The term computational hydrographic printing is one that is bound to become somewhat of common -- at least in the 3D printing industry. It is an innovative way to add intricate color to 3D printed objects. In this case, these creations involve a slew of wild animals. What appears to be a simple process of dipping the objects into a pool of water is much more complex than that in reality.
Developed by researchers from Hangzhou's Zheijiang University and NYC's Columbia University, computational hydrographic printing involves a few steps. Fast Co Design writes, "Essentially, what they do is 3-D scan whatever object they want to print on before they dunk it. Algorithms then take whatever pattern you want to paint on it, and print it on the layer of transparent film in such a way that, when lowered into the water bath by a robotic arm, the pattern will be applied perfectly, every time."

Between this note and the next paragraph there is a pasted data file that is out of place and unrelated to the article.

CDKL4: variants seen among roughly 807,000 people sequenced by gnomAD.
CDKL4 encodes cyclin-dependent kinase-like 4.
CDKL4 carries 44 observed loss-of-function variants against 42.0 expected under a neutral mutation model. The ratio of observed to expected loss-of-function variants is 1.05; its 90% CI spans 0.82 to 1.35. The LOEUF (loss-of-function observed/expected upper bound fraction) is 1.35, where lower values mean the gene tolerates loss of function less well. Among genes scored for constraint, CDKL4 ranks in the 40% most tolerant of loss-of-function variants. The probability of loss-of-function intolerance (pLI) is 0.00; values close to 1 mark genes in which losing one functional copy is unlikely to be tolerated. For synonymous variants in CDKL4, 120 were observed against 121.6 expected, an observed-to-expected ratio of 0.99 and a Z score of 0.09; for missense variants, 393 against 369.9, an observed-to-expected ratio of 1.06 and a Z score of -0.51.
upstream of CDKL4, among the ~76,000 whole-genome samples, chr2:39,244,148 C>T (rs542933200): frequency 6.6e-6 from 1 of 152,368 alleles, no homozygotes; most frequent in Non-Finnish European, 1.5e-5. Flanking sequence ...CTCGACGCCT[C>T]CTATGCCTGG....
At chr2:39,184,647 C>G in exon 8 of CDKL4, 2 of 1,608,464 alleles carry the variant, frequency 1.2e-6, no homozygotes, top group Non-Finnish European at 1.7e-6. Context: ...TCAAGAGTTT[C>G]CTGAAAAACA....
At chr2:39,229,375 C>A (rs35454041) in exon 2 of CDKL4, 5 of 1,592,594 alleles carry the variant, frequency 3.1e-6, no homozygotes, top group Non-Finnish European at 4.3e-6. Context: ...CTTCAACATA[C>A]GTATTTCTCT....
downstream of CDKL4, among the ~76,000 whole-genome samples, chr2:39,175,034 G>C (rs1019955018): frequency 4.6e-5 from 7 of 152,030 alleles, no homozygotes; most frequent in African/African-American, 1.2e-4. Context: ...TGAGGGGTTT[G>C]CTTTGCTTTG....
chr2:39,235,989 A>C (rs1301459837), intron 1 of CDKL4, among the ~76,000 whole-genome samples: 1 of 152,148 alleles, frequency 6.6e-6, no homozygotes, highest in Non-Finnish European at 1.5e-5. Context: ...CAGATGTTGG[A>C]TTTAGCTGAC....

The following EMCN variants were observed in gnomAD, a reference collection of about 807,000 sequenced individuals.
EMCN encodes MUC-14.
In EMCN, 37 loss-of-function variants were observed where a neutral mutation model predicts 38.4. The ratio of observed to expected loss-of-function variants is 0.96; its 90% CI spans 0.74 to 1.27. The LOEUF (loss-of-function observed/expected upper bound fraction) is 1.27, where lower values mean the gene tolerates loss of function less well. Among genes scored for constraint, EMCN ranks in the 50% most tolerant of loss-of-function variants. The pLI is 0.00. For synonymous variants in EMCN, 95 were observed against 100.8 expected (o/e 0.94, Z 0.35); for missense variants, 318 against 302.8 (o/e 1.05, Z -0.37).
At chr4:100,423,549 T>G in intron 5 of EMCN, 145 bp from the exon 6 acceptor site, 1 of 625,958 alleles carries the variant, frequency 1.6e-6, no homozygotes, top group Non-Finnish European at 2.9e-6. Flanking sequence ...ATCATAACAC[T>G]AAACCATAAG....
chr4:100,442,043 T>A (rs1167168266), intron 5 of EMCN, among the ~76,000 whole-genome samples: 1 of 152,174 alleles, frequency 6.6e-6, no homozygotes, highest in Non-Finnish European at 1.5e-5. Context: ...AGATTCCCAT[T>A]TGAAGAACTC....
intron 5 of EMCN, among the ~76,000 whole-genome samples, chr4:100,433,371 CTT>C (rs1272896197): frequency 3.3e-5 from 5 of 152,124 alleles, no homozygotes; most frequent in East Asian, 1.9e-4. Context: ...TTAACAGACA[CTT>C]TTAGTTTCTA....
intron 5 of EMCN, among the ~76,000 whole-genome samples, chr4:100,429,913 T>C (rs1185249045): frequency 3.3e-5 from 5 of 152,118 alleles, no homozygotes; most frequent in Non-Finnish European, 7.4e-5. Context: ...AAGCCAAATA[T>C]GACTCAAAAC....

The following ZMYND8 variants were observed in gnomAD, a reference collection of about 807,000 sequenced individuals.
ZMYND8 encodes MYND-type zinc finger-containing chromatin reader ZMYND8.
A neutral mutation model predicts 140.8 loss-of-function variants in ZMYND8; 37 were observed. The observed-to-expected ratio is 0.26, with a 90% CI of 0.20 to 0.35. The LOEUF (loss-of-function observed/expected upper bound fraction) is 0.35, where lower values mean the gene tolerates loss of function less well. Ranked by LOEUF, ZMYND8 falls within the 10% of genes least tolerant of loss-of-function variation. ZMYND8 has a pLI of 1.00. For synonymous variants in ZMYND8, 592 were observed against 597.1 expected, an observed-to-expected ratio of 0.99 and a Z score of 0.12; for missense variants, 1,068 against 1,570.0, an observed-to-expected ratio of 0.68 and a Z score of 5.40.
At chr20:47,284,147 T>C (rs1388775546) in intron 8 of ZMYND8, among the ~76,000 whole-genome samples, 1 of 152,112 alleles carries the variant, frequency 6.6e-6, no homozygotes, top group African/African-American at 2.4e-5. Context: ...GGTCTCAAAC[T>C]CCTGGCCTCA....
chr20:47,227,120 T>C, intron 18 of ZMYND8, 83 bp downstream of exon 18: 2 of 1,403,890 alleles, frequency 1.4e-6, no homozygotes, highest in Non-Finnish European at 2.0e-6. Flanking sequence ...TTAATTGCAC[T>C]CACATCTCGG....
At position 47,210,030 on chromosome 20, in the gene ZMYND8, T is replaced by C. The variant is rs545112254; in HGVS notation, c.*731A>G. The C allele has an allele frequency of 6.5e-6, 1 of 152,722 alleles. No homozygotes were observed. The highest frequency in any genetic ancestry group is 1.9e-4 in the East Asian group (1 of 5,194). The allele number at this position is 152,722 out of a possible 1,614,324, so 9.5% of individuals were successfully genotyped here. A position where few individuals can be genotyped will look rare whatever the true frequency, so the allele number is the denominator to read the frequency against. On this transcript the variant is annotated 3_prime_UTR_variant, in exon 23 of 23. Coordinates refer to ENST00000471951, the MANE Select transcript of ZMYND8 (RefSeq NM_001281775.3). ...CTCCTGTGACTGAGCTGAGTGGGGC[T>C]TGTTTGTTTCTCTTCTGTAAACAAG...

Robotic Pancake Printers
Rapid 3D Printing Devices
Biological Cell Printers
Multicolor 3D Printing Attachments
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Researchers Add Intricate Color to 3D-Printed Creations
- By: Meghan YoungMay 14, 2015